At the 16th IKM Bock, Falcão and Gürlebeck presented examples of the application of some specially developed Maple-Software in hypercomplex analysis. Other papers of those authors continued this work and showed the efficiency of such tools for concrete numerical calculations as well as for numerical experiments, supporting the detection of new relationships and even theorems in a highly technical theoretical work. The mentioned software has been developed mainly for the use on mapping problems in the Euclidean spaces of dimension 3 and 4 by means of Bergman kernel methods (BKM), which are related to monogenic functions as solutions of generalized Cauchy-Riemann equations with respect to the Euclidean metric (Riesz system). The developed procedures concerning generalized powers of totally regular variables and the corresponding homogeneous polynomials basically rely on results and conventions introduced in the paper "Power series representation for monogenic functions in Rm+1 based on a permutational product", Complex Variables, 15, No.3, 181-191 (1990) by H. Malonek. Since 1992 H. Leutwiler, S. L. Eriksson and others developed in a number of papers a modified Clifford analysis and, particularly, a modified quaternionic analysis. The modification mainly consists in considering generalized Cauchy-Riemann equations with respect to a hyperbolic metric in a half space. The aim of this contribution is to show how through a change of the basic combinatorial relations used in the modified quaternionic analysis the aforementioned Maple-software (that has been recently published on CD-Rom as integrated part of the text book "Funktionentheorie in der Ebene und im Raum" by K. Gürlebeck, K. Habetha, and W. Sprössig, in the series "Grundstudium Mathematik" of Birkhäuser Verlag, 2006) can directly be used for numerical calculations in the modified theory.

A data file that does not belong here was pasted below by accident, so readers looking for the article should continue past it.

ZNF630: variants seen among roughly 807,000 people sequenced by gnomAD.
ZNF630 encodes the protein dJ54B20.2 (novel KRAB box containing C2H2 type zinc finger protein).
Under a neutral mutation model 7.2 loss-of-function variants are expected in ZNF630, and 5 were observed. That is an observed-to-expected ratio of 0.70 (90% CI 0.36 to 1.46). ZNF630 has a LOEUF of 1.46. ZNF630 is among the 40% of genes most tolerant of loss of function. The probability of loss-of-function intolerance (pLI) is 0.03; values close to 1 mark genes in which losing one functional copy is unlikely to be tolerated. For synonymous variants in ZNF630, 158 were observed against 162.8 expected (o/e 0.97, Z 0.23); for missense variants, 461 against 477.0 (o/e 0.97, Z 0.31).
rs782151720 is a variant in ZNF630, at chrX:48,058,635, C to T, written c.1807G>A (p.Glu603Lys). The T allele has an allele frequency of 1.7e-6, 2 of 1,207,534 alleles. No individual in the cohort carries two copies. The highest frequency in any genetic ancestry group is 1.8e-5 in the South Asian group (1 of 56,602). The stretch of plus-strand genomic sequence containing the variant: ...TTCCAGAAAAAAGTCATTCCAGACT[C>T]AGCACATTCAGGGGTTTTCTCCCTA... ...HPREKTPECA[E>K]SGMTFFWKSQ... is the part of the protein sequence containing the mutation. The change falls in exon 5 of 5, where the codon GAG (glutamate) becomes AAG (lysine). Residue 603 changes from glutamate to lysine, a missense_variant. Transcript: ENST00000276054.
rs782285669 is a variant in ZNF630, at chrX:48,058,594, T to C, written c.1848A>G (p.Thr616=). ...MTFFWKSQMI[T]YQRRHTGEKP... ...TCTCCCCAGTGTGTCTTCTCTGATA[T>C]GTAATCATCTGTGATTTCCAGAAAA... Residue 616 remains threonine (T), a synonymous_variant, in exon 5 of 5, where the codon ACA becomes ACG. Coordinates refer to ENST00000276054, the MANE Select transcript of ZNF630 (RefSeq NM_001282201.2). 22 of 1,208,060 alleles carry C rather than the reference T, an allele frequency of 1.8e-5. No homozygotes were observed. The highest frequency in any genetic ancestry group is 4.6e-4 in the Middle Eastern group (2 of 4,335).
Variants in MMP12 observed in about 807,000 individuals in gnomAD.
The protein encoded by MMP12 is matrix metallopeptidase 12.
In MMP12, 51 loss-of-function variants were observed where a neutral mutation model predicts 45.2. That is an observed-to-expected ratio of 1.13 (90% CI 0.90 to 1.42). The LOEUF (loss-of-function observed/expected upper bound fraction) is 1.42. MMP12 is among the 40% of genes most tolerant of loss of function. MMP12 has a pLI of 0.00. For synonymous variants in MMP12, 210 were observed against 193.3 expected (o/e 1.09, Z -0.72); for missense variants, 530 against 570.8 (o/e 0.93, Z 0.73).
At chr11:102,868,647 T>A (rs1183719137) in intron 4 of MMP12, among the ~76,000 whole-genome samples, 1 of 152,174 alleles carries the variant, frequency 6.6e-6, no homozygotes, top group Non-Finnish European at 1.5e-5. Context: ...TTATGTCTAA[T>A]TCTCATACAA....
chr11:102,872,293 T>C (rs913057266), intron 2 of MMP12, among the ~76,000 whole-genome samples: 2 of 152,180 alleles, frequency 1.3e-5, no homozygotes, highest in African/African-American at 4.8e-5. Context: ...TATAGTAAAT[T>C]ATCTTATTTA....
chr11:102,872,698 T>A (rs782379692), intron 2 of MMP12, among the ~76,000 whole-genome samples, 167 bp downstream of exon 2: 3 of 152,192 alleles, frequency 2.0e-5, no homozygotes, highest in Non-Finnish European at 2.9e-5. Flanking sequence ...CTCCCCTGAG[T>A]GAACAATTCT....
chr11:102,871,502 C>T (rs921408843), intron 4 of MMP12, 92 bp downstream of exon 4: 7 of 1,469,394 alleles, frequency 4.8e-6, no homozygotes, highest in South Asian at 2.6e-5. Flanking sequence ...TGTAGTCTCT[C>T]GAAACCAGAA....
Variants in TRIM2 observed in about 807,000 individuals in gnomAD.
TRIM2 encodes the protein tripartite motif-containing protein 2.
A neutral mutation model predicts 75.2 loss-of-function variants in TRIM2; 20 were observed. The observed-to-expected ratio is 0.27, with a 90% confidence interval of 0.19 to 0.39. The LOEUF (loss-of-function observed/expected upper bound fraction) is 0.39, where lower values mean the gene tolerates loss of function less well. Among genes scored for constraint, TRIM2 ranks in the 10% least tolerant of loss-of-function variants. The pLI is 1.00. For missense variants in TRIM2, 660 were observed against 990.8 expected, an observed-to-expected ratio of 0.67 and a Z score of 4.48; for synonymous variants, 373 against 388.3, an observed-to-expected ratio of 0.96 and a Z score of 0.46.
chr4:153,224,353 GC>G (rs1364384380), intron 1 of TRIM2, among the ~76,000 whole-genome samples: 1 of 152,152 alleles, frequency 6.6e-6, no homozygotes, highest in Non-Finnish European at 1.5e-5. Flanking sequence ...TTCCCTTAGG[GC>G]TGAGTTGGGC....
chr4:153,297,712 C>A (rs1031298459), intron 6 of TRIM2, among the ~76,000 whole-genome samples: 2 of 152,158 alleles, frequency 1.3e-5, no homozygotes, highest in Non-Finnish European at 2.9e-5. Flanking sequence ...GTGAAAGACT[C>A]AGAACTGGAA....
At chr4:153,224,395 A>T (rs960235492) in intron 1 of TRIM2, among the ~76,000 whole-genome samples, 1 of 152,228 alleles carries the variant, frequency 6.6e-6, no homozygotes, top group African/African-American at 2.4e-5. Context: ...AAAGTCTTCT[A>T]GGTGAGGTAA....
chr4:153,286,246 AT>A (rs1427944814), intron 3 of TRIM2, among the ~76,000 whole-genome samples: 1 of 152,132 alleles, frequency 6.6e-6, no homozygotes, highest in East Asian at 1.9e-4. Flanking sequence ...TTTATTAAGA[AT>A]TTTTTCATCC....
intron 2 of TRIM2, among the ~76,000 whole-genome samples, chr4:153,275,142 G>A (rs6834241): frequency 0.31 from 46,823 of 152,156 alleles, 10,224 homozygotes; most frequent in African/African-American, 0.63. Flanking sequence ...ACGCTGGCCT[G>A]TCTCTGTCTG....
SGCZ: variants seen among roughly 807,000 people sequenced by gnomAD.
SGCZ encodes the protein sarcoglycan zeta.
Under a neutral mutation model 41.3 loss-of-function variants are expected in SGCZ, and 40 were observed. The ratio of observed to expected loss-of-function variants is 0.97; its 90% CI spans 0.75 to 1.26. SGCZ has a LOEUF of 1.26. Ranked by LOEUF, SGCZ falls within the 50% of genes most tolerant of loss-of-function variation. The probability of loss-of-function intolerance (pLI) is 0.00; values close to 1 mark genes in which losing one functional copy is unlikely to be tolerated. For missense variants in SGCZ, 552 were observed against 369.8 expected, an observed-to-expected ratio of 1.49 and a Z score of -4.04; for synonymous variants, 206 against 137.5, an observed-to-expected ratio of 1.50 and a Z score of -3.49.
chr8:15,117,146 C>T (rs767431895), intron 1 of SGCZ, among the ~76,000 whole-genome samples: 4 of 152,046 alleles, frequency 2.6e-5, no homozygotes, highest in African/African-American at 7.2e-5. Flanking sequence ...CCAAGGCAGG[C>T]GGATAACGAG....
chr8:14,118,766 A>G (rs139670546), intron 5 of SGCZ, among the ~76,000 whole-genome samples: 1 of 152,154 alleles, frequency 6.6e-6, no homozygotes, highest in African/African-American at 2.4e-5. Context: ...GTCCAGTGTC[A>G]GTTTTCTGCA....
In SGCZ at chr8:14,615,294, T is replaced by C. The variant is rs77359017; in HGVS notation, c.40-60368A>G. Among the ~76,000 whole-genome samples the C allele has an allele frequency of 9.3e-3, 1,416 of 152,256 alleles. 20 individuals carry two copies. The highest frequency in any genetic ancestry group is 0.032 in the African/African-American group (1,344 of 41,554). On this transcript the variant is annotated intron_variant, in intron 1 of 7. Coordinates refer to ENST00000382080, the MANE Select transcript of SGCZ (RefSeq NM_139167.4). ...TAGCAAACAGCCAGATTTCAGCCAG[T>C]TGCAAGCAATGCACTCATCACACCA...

In this paper we consider three different methods for generating monogenic functions. The first one is related to Fueter's well known approach to the generation of monogenic quaternion-valued functions by means of holomorphic functions, the second one is based on the solution of hypercomplex differential equations and finally the third one is a direct series approach, based on the use of special homogeneous polynomials. We illustrate the theory by generating three different exponential functions and discuss some of their properties. Formula que se usa em preprints e artigos da nossa UI&D (acho demasiado completo): Partially supported by the R\&D unit \emph{Matem\'atica a Aplica\c\~es} (UIMA) of the University of Aveiro, through the Portuguese Foundation for Science and Technology (FCT), co-financed by the European Community fund FEDER.